And the fact Ted was handsome to many can’t be ignored. In one scene, Berlinger depicts several women interviewed on TV who found the killer cute, some of them incapable of believing “someone like him” could ever do the heinous things of which he’d been accused. This eerie attraction to murder is NOT NEW. The way some women flocked to Bundy— sending him letters, trying to visit him in jail, going to his trial and screaming for him like other girls were doing for Led Zeppelin— is a precursor to today’s generation and the horny young ladies of Tumblr who find Bundy, The Night Stalker Richard Ramirez, white supremacist mass shooter Dylann Roof, and many other creeps, to be “dreamy” and worthy of lust.
Liz was never a dumb person. Neither are the women who found Bundy attractive dumb, though they were, indeed, misguided. In the 1970s, serial killers were a relatively new phenomenon in pop culture. The Zodiac Killer was one of the first to grab the American media’s attention to an enormous degree. When Bundy’s crimes came to light, the idea of serial murder was fresh in the collective mind of the public. People thought, like the Zodiac, that those who hunted and killed other human beings were masked terrors in the night, or their crimes were assumed to be the work of someone escaped from a psychiatric asylum, a terrible monster frothing at the mouth, unable to control its urges. The public, and the media, were totally unprepared for someone who, on the surface, appeared as a normal person— an All-American, boy next door-type— to be revealed as a vicious rapist and murderer preying on their daughters.
The media doesn’t escape Berlinger’s scrutiny. He’s well aware of how a murder trial can become an absolute circus (see: Paradise Lost: The Child Murders at Robin Hood Hills). The American justice system doesn’t get a pass either. Bundy playing a part in his own trial was fodder for the media, but John Malkovich’s performance as Judge Edward D. Cowart also shows how people allowed the killer’s natural charisma to influence them to an unnerving degree. Cowart’s line “let‘s put on a show” and the laughter of people in the courtroom like a twisted sitcom shows that it isn’t only the media who, all too often, disregard the feelings of victims and their families. The trial devolved into a dark comedy routine broadcast for the nation, at once appealing to the logic of ‘sunshine is the best disinfectant’ and also to the macabre spectacle of American true crime entertainment.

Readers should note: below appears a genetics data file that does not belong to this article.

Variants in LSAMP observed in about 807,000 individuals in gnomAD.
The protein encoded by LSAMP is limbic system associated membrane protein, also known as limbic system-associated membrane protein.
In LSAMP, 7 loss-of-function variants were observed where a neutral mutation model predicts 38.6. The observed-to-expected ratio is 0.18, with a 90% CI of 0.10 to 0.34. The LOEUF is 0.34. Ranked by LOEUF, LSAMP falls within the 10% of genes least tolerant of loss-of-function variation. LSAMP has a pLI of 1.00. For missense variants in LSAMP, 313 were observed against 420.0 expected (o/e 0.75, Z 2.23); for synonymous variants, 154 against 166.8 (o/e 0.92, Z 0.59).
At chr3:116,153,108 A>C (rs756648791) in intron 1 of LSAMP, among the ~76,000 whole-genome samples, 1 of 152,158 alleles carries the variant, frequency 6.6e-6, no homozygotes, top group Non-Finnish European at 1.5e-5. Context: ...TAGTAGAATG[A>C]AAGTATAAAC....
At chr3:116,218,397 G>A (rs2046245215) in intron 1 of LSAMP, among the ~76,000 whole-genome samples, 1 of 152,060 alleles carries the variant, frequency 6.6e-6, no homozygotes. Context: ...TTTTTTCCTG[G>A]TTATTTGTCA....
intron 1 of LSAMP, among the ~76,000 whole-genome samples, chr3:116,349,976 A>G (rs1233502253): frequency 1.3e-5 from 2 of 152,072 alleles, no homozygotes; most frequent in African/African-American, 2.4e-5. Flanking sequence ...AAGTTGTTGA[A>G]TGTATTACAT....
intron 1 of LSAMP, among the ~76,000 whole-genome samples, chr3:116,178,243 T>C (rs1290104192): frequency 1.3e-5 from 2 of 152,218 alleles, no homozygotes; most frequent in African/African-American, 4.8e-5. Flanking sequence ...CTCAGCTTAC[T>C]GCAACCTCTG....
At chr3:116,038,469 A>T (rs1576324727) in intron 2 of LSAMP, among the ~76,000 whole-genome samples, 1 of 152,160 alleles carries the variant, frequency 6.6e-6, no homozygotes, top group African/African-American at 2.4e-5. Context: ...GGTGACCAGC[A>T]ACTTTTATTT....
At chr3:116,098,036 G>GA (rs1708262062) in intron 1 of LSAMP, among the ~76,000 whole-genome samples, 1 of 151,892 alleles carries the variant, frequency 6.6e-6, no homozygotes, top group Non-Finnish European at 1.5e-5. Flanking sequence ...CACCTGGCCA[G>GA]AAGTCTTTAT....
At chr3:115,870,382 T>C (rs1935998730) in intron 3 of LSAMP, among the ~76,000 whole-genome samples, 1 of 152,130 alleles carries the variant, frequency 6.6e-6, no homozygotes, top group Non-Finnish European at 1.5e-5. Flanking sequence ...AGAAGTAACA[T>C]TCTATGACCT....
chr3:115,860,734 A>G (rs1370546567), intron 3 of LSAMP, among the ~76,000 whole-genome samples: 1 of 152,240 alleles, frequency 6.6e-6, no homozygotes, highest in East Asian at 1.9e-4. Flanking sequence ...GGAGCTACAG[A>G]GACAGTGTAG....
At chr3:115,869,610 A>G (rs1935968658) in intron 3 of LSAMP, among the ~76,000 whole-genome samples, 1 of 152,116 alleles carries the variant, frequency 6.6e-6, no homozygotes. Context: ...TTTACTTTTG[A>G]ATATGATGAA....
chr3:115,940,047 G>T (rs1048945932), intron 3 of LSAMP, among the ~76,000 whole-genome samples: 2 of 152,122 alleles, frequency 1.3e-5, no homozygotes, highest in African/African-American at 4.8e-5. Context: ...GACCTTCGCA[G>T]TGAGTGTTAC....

Also, if it were a black or brown serial killer, for instance, would the fanfare have been so strangely jubilant in the courtroom? Would Cowart have traded silly jabs with Richard Ramirez, or the so-called Atlanta Monster, Wayne Williams, or Lonnie Franklin a.k.a the Grim Sleeper? Father Gore’s inclined to say no. While the media’s at fault for covering Bundy in the way they did, including giving airtime to people who found him attractive and treated him like a rockstar, the court is just as guilty, if not more, for helping perpetuate the image of an intelligent and charismatic Ted for the masses.
“People don’t realise that there are killers among them.”
Part of what Liz’s perspective offers is the human side of Bundy, the side people wish didn’t exist because it’d be easier to call him a monster. He was an awful specimen of a man. This doesn’t change that he made Liz and her daughter feel good— at least intermittently, given his legal troubles. The scene where he’s cooking breakfast, taking care of Liz’s little girl, is one of those moments, and it’s able to illustrate the way Ted pulled the wool over everyone’s eyes.